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The TSA

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After the 9/11 attacks, airport security has beefed it self up, as to prevent any further attacks. The TSA(Transportation Security Administration) was formed after 9/11 to help stop terrorist attacks, but there is little evidence that they ever have. They suck at their job, leave liabilities open, and attack privacy to fake safety.
In a series of trials, the Department of Homeland Security was able to smuggle fake explosives, weapons and other contraband past airport screeners in major cities across the country, according to ABC News(Campbell).
Those who were apart the investigation told the station that the TSA failed 67 out of 70 tests conducted by the department’s Red Teams who were undercover passengers who were supposed to attempt to expose any weakness. The TSA’s main job is to screen people, but they failed 95% of the time. So many people could be in and out with dangerous firearms and we wouldn’t even know.


DIY hobbyist Evan Booth decided to see whether or not a person could build their own weapon, and he manages to create a fully functional blunderbuss(A large barreled gun) using solely items he purchased at shops and materials brought from home(Morse).


Obviously this takes only a minor amount of technical knowledge to pull off along with a roll of tape and can definitely produce enough power to cause some serious damage if not some fatalities. Someone with just a hobby and not much technical knowledge could create a working blunderbuss that could cause fatalities. That wasn’t even their biggest problem, as they suck so much at screening that they could let guns through. If they can’t notice a professional gun, why wouldn’t they notice a zip gun(A homemade gun)?


You might be thinking, well they make me feel safe, which is in fact their primary purpose. In order to make you feel safer, they invade privacy just to commit what is known as security theater. Security theatre is, simply put, attempting to create the feeling of safety for people, while actually doing nothing to achieve it(Levenson).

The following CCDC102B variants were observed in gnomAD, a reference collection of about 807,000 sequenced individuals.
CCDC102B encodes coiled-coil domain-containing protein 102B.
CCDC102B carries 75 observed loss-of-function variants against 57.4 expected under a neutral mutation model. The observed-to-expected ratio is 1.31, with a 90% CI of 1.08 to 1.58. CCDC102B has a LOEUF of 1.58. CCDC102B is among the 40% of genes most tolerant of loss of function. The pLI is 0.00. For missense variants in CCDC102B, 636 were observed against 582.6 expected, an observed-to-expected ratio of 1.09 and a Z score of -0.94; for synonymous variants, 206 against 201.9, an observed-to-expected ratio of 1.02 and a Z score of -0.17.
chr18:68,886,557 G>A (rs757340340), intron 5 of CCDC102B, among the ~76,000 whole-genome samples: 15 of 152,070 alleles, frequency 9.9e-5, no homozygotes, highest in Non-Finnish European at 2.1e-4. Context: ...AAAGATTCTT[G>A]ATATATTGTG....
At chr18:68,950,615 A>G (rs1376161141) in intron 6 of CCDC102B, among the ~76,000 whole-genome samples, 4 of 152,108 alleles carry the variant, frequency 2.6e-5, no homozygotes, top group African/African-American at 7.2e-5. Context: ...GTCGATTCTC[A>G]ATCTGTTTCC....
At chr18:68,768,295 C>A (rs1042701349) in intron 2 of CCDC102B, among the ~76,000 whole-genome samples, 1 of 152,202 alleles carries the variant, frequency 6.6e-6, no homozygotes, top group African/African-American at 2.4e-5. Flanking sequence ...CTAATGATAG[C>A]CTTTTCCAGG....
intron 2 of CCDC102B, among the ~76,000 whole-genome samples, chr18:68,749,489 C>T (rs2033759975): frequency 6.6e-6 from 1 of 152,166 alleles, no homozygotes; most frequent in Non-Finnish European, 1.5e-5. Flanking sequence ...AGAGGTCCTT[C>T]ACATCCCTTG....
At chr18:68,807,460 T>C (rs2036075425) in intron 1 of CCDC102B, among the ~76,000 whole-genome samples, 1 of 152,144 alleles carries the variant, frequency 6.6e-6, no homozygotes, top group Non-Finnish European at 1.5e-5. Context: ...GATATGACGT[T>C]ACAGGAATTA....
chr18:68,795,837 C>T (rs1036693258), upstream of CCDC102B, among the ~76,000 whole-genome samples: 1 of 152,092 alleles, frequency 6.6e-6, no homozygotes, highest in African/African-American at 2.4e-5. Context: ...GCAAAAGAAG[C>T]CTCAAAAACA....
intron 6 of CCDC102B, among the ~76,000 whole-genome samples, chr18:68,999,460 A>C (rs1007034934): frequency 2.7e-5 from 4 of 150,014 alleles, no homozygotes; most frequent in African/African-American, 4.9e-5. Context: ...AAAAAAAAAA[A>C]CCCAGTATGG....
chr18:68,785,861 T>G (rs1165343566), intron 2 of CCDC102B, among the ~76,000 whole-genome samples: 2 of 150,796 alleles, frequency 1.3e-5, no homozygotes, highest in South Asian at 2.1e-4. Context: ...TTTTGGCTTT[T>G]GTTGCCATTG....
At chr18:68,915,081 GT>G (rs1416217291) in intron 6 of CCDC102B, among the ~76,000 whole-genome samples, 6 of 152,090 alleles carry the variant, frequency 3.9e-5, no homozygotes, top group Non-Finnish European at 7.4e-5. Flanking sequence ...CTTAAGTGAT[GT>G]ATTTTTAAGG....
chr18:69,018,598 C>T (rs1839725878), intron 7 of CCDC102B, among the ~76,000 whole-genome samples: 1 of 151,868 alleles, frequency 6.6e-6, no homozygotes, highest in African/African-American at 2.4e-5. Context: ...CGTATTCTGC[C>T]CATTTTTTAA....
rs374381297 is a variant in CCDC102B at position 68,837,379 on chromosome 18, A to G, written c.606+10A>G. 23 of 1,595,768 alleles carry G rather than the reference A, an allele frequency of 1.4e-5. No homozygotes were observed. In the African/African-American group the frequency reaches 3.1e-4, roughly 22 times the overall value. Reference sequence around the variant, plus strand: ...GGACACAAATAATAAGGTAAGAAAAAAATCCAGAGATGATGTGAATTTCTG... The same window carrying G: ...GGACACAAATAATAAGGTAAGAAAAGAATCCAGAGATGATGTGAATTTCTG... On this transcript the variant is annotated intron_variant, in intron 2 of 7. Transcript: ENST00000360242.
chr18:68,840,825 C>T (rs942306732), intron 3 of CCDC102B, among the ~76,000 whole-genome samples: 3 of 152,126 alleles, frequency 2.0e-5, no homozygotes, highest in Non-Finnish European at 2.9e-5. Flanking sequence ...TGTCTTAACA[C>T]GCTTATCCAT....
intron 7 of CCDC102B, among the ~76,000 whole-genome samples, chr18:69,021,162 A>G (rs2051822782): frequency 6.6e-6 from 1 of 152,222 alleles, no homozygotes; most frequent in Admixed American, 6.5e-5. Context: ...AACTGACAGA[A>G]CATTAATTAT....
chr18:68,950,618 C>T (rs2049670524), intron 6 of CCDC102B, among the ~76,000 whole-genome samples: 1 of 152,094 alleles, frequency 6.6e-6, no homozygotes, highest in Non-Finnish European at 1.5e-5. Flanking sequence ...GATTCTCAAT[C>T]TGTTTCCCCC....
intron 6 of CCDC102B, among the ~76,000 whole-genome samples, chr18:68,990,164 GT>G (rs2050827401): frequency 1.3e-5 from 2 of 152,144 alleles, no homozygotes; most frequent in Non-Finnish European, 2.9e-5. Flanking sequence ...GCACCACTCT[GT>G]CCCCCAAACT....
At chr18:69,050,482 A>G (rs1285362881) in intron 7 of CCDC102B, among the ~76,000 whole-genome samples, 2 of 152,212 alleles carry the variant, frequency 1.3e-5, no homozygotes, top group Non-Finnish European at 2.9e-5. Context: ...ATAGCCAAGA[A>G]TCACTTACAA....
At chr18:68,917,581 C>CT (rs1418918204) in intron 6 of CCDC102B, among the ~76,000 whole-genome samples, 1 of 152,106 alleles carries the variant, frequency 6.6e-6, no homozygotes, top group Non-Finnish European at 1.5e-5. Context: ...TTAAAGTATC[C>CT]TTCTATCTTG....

Making you take off your shoes, stop you from saying bomb, doesn’t actually make you safe, it just makes you feel safer, and creating a false sense of security can be dangerous too. Instead of being a little more cautious, the more easily convinced fliers will drop any senses of security or action that could stop an attack before it’s too late.


I’ve been a victim to this before, they’ll leave no stone unturned just to make some people feel safer while achieving no other safety. Knowing that this practice does nothing for me, I’d rather not have to go through this harrowing practice than think I’m a little less safe. I would know, as I was trying to fly back here after a trip; where the TSA are going through my stuff like I’m a bomb crazy 13 year old. They’re taking me into questioning, and wasting time, making me late for my flight because my phone seemed suspicious. Was all of that worth just making me and other people “feel safer?” I felt harassed and that this was unneeded.


I’m not saying that I can’t see the original intents of the TSA, but just for security theatre, not being able to actually screen well, and invading privacy of the customer, they all seem unnecessary and all at the expense of the people and their money.


Rather we should be investing our money in more important things that actually stop terrorist attacks, such as intelligence agencies that can stop attacks before they even happen, and air marshals that can provide safety for the plane with a second loaded gun.


Works Cited :

Campbell, Andy. "TSA Fails 95 Percent Of Airport Security Tests Conducted By Homeland Security: Report." The Huffington Post. TheHuffingtonPost, 01 June 2015. Web. 09 Mar. 2017.

Morse, Brandon. "Another Example Of How the TSA Is An Awful, Useless, Waste of Taxpayer Money." RedState. N.p., 01 July 2016. Web. 09 Mar. 2017.

Levenson, Eric. "The TSA Is in the Business of 'Security Theater,' Not Security." The Atlantic. Atlantic Media Company, 31 Jan. 2014. Web. 09 Mar. 2017.






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